This calls for further delay and much more discussion. By now the minds of all are far, far removed from the service of God. The young folks, seeing that the eleven o'clock hour is not really going so well anyway, have begun whispering about what they will do as soon as the sun goes down, if not before.
Finally all the announcements have been "made" and the minister is seated. Then one of the local elders stands up with this usual bit of irony:
"Shall we continue our worship by the use of hymn number 588."
This sort of unnecessary talk is certainly not isolated. Not only do we often lose the spirit of true worship but the sad fact is that some of our members have never even seen a worshipful service conducted. Secular conversations in both pulpit and pews continue Sabbath after Sabbath. Instruction in the dignity of worship is greatly needed.
The Dignity of Worship
This may seem to exclude the larger churches where strict adherence to dignified form is followed, but here again is found the mixing of the sacred and the secular. Sandwiched in between the invocation and the opening hymn are the announcements, which at times actually rob God's people of the spiritual food for the hour. (The writer has witnessed on several occasions a forty-five minute promotional program with a ten-to-twelve minute preaching of the Word.) It seems almost an insult to the intelligence of the congregation to repeat items already printed in the bulletin. If they are of such vital importance as to make the bulletin in the first place, the congregation will read them. The average person has virtually devoured everything in the announcement section prior to the service anyway.
Whatever the announcement, whatever the promotion, let it be remembered that this is the hour of worship, and nothing should be allowed to detract from the spirit of worship created by the invitation of the presence of God. In the writer's opinion all such announcements that are considered necessary and appropriate to Sabbath thought should be given before the service begins, and then with great care and selection. There is usually a period between Sabbath school and the church service when, after all are seated, there is ample time to make any and all announcements. If the minister thinks that more than fifteen minutes should be allotted, let him remember the fact that by then he has already lost the effectiveness of any further explanations. He has defeated his purpose and the people are weary with the waiting. In churches where this practice of having the announcements precede the worship service is actually followed, it seems to me that there is a marked increase in reverence and respect for the divine service.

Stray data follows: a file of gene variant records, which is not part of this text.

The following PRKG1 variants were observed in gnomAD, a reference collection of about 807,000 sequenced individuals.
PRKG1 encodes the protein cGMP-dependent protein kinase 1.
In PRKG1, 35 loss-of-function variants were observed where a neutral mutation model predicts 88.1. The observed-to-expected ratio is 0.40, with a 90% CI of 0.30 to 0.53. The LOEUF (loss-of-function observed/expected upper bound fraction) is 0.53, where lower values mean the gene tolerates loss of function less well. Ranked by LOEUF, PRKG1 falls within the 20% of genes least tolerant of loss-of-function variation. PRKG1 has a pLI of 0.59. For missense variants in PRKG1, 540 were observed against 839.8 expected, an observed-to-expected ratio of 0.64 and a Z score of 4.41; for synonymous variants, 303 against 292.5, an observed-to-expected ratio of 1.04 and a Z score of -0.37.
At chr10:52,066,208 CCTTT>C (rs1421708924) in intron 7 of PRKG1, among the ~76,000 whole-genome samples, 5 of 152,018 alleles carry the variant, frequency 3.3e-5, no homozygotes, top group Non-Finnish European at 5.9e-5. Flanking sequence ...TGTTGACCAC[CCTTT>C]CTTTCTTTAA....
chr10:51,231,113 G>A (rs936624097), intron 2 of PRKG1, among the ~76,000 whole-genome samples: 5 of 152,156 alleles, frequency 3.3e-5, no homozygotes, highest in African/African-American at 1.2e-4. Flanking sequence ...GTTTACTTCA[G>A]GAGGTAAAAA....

If we are to teach our children the difference between the sacred and the secular, we must be able to distinguish it ourselves. How can our children grasp the meaning of a high and holy God when they see us come into His presence with such disrespect and irreverence? We shake our heads sorrowfully as we see them leaving the church in their youth, little realizing that we have laid the groundwork for this disregard of the sacred in the very service that should have been an example to them.
Let us ever keep the Sabbath service sacred, and when the hour arrives and the ministers enter, may it be truly said that "The Lord is in his holy temple: let all the earth keep silence before him."